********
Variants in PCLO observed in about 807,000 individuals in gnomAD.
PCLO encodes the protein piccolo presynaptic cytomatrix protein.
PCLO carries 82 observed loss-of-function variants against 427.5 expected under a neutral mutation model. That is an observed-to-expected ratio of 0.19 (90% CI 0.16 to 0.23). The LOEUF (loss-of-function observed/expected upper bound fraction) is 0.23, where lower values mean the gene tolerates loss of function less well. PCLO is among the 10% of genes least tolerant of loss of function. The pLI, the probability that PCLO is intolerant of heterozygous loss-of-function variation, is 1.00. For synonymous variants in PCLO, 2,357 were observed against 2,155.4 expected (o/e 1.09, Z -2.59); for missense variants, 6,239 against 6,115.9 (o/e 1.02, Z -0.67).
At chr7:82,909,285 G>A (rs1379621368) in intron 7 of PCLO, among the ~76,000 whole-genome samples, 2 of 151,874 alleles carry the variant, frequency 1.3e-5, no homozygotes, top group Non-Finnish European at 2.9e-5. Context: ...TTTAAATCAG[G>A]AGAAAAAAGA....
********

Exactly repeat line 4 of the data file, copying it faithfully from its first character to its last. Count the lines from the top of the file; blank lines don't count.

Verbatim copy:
At chr7:82,909,285 G>A (rs1379621368) in intron 7 of PCLO, among the ~76,000 whole-genome samples, 2 of 151,874 alleles carry the variant, frequency 1.3e-5, no homozygotes, top group Non-Finnish European at 2.9e-5. Context: ...TTTAAATCAG[G>A]AGAAAAAAGA....